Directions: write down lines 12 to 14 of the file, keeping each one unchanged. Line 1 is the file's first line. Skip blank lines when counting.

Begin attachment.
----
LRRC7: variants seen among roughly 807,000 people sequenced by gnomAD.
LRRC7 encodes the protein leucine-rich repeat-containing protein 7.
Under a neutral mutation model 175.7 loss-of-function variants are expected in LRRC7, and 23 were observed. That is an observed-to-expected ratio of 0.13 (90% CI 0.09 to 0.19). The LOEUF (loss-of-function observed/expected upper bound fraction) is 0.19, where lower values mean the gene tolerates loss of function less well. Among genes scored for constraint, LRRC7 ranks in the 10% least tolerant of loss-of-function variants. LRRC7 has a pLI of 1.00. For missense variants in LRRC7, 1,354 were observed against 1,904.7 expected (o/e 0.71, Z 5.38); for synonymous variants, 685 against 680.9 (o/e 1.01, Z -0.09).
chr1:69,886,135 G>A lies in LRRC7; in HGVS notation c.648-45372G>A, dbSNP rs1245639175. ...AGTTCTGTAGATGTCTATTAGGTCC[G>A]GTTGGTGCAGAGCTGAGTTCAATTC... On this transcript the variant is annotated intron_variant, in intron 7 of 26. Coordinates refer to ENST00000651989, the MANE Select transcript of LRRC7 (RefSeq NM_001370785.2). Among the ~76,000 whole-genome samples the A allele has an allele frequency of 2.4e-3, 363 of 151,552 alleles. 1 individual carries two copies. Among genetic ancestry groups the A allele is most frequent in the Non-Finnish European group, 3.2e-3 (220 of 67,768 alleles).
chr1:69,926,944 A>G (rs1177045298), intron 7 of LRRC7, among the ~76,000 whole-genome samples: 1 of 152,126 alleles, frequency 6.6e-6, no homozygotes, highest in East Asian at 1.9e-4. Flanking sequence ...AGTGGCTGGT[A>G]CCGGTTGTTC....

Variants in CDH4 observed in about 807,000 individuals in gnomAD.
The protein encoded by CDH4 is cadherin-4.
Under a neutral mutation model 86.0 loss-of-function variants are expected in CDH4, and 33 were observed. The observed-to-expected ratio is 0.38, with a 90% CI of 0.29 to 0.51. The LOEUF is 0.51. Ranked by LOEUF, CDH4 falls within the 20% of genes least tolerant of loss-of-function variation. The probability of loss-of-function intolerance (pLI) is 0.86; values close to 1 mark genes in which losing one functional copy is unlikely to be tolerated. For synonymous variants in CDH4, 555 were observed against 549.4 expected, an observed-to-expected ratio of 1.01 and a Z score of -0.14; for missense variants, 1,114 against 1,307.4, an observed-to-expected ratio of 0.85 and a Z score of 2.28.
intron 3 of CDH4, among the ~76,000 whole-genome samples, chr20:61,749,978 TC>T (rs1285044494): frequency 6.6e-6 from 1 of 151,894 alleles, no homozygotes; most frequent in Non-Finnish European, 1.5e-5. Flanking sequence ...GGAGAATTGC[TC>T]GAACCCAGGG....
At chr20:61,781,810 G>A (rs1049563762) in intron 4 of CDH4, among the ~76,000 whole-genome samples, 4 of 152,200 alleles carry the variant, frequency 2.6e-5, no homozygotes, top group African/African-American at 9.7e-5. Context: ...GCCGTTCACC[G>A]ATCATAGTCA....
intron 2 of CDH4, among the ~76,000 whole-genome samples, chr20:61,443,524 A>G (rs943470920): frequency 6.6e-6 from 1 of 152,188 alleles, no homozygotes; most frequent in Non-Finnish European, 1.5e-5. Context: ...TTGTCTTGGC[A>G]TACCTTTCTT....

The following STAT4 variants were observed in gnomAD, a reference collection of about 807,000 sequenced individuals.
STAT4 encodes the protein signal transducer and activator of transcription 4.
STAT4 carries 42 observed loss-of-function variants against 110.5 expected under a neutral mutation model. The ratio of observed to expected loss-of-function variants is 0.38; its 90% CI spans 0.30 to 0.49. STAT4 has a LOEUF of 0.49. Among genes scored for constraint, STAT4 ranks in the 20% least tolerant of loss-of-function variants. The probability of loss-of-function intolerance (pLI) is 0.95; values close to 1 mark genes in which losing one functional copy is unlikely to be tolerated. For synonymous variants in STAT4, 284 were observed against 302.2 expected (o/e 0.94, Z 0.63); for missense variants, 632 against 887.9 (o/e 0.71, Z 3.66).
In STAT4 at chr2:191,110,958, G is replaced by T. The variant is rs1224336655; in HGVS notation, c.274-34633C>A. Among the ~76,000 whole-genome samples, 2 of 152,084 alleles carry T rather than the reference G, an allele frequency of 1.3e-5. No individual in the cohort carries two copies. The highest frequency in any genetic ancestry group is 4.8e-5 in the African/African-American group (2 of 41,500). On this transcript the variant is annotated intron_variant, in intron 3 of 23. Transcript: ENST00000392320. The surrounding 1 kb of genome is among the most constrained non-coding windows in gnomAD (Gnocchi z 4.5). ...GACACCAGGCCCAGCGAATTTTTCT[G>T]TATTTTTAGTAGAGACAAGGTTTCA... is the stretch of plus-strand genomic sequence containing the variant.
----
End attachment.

The following STAT4 variants were observed in gnomAD, a reference collection of about 807,000 sequenced individuals.
STAT4 encodes the protein signal transducer and activator of transcription 4.
STAT4 carries 42 observed loss-of-function variants against 110.5 expected under a neutral mutation model. The ratio of observed to expected loss-of-function variants is 0.38; its 90% CI spans 0.30 to 0.49. STAT4 has a LOEUF of 0.49. Among genes scored for constraint, STAT4 ranks in the 20% least tolerant of loss-of-function variants. The probability of loss-of-function intolerance (pLI) is 0.95; values close to 1 mark genes in which losing one functional copy is unlikely to be tolerated. For synonymous variants in STAT4, 284 were observed against 302.2 expected (o/e 0.94, Z 0.63); for missense variants, 632 against 887.9 (o/e 0.71, Z 3.66).